Former cornerback Ty Law, who helped the Patriots win three Super Bowls and was inducted into the team’s Hall of Fame in August, was honored at halftime.
“It means a lot. To have it come around one more time to say a final salute to the Patriot nation, it’s amazing,” Law said. “I think I [said] everything that I possibly could during the Hall of Fame ceremony, but to be able to go out on the field one last time in front of the crowd, on the football field, it’s an amazing feeling.”
Law, a five-time Pro Bowl cornerback, was also asked about the Patriots’ current No. 24, Revis, and how they’ve used him on defense. Law hinted that he may have played a small part in Revis choosing to sign with New England, and there are some similarities in the two: Both are from Aliquippa, Pa., and both have played for the Jets and Patriots.
“That was one of my selling points to him. If you were to come to the Patriots you would have an opportunity to do some of the same things that you did in New York. Somewhat different system, but you will still be in charge of taking out the top guy [in] man or zone, and I think that was one of the things that pushed him to come to New England,” said Law.
A handful of Law’s former Patriots teammates, including Deion Branch and Lawyer Milloy, were on hand to mark the occasion.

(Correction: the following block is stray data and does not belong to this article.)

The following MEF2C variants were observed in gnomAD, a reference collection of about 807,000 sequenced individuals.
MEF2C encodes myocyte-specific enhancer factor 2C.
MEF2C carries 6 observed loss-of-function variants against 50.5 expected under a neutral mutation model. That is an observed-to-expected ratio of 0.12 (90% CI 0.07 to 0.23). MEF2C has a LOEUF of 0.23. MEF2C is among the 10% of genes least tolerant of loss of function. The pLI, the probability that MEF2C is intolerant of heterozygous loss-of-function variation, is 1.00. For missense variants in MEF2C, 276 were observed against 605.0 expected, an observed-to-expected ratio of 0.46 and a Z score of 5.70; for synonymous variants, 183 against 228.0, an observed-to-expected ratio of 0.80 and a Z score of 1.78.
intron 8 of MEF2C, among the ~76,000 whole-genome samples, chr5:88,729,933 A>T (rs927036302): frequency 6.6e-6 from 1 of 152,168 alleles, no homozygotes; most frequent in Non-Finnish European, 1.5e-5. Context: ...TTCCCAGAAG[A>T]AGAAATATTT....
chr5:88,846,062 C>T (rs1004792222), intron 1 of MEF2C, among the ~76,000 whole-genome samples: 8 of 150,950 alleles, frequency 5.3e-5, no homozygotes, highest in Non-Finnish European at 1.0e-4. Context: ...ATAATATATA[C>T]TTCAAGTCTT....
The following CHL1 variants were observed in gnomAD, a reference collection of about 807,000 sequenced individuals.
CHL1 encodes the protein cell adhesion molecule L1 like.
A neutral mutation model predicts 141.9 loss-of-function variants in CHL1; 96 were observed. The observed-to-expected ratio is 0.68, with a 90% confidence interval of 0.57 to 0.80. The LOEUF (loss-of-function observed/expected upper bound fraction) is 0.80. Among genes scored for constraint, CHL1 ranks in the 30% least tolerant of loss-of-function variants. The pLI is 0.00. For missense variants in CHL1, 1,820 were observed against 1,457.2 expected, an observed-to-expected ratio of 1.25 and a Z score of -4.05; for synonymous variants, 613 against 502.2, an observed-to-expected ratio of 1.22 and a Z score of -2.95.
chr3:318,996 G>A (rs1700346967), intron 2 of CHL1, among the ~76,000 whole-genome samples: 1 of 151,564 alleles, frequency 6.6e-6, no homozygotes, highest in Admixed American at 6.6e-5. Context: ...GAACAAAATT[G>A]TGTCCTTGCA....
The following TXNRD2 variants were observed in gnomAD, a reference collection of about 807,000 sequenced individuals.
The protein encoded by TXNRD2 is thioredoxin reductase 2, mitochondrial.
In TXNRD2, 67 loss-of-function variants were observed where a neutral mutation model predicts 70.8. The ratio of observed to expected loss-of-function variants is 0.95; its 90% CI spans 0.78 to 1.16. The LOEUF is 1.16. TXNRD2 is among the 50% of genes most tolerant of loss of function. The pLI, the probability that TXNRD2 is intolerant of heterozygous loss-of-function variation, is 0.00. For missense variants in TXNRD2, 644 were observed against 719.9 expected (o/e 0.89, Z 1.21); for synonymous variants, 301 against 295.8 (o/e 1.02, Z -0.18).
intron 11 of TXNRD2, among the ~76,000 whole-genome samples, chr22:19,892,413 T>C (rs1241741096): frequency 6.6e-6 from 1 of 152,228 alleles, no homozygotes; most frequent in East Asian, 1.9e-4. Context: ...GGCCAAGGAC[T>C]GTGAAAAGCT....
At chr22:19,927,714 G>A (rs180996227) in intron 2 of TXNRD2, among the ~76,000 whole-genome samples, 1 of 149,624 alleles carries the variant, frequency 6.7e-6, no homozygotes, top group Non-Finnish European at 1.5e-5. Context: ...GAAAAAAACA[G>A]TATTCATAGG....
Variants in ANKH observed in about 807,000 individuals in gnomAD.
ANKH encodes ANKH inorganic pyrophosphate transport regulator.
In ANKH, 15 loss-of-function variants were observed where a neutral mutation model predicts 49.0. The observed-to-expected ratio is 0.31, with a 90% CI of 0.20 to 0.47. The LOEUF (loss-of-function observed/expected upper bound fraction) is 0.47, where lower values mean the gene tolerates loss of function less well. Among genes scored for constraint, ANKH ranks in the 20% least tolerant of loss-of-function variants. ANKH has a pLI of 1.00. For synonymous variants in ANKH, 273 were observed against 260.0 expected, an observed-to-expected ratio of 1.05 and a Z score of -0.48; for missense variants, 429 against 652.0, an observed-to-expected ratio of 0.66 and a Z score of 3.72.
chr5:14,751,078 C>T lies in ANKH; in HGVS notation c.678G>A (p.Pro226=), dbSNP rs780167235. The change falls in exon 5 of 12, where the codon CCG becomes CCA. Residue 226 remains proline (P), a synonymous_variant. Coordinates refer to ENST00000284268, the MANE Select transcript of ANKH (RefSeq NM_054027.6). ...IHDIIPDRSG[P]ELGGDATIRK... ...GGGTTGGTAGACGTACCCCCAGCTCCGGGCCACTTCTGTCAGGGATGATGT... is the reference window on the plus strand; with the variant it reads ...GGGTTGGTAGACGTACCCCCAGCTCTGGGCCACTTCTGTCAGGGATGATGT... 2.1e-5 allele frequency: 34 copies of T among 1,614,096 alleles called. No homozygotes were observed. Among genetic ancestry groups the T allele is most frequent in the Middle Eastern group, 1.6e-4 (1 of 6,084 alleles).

Devey drew a 15-yard personal foul penalty when he pushed the Jets’ Antwan Barnes, who had given Brady a shove out of bounds. “I didn’t really remember. I’m going to have to watch the tape on that,” said Devey. “All I saw was Tom down, so I was just trying to help him out.” . . . Julian Edelman recently moved past David Meggett and into third place on the franchise’s career punt return yardage list. Edelman, who came into Thursday’s game with 1,439 yards, trails only Troy Brown (2,625) and Irving Fryar (2,055) . . . How important was it for the Patriots to take a halftime lead on Thursday? They’ve now won 70 consecutive home games when leading at the break. The last time the Patriots lost a home game after leading at halftime was Dec. 24, 2000, when the Dolphins erased a 21-17 halftime deficit to win, 27-24 . . . For the first time all season, the Patriots played in a game that didn’t include a single turnover.